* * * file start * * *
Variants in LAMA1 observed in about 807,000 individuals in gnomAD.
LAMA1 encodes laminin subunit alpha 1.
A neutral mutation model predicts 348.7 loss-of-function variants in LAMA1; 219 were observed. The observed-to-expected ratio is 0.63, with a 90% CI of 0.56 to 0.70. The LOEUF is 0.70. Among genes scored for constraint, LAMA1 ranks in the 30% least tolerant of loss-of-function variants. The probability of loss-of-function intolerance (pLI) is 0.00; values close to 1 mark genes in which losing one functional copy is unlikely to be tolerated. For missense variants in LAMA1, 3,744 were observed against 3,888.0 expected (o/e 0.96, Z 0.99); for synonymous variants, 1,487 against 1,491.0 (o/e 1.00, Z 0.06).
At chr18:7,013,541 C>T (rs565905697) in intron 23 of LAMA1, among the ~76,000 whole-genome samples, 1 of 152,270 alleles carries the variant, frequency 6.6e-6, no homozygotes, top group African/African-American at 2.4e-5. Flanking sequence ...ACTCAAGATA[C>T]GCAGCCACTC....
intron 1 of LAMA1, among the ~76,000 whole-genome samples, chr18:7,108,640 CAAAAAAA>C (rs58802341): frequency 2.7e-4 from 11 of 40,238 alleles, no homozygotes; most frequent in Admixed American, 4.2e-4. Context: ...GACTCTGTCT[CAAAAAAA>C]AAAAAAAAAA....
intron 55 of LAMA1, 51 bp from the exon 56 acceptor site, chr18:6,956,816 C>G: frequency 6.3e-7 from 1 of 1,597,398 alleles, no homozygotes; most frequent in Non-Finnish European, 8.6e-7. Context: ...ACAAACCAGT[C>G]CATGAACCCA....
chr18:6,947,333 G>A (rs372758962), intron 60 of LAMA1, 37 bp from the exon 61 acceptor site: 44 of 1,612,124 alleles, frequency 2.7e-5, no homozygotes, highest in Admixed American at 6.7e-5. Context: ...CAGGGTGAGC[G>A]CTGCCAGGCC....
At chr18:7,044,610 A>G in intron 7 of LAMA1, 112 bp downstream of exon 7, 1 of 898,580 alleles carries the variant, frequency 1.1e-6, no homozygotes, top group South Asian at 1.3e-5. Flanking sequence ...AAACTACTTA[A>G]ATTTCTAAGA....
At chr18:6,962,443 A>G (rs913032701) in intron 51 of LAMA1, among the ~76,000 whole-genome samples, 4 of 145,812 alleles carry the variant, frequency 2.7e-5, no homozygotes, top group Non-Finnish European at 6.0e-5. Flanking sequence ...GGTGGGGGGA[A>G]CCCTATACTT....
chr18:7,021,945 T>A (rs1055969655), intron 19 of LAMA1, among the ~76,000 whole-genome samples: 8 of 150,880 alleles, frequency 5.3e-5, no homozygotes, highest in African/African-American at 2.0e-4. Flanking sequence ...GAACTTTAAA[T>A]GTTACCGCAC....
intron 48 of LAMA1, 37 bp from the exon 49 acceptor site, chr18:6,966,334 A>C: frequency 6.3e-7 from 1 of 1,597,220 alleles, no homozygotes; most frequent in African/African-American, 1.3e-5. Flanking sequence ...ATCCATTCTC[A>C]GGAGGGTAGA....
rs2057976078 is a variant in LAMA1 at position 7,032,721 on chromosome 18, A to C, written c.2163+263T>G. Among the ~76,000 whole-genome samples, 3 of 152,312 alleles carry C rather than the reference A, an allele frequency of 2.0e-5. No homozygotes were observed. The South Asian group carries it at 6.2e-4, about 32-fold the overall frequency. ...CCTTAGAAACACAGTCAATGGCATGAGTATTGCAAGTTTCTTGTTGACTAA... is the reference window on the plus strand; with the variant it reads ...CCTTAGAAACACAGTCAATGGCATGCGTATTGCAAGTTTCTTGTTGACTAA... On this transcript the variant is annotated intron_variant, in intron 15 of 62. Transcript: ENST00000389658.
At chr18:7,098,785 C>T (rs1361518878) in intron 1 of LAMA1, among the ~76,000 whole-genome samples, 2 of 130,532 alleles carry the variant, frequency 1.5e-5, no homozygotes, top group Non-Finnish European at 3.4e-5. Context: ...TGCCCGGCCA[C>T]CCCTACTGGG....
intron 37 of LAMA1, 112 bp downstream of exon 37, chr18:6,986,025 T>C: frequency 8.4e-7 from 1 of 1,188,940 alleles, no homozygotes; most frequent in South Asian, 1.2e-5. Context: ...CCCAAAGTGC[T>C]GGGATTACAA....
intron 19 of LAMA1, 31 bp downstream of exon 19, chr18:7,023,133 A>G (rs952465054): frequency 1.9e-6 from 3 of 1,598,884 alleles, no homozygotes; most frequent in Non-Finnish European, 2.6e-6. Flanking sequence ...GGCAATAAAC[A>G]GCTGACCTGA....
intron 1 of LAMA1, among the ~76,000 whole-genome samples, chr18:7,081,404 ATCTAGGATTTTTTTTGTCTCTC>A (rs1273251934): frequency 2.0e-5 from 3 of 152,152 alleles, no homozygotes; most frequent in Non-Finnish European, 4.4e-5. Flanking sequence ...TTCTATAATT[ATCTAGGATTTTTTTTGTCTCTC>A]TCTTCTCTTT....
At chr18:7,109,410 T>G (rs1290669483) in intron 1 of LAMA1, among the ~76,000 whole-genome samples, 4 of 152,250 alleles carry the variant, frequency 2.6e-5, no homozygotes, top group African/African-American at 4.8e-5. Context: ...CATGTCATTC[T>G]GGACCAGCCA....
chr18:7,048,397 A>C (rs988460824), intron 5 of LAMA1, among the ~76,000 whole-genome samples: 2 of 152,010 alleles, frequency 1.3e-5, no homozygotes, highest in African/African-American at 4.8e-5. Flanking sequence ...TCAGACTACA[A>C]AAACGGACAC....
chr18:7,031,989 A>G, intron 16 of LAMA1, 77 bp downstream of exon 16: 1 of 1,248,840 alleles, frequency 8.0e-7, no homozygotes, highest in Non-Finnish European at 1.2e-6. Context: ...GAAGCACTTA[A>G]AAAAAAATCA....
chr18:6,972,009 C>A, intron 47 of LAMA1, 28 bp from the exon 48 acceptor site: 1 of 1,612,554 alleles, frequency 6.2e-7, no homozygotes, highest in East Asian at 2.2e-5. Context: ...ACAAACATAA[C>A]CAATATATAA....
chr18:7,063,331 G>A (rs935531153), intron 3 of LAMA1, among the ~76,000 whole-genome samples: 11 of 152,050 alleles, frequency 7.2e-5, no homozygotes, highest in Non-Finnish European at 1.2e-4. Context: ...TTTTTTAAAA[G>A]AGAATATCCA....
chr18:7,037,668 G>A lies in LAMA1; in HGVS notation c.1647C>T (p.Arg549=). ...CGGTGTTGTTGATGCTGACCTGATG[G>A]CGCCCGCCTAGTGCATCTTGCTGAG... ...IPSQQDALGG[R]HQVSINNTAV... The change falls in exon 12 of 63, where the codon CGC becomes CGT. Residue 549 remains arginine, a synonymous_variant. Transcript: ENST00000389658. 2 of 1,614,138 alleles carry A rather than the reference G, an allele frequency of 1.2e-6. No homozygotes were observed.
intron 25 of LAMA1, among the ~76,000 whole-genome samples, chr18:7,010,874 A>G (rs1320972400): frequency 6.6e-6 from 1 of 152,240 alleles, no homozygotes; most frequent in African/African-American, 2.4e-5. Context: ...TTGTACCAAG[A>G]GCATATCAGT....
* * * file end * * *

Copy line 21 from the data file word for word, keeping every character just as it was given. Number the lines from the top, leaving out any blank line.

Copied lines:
chr18:7,063,331 G>A (rs935531153), intron 3 of LAMA1, among the ~76,000 whole-genome samples: 11 of 152,050 alleles, frequency 7.2e-5, no homozygotes, highest in Non-Finnish European at 1.2e-4. Context: ...TTTTTTAAAA[G>A]AGAATATCCA....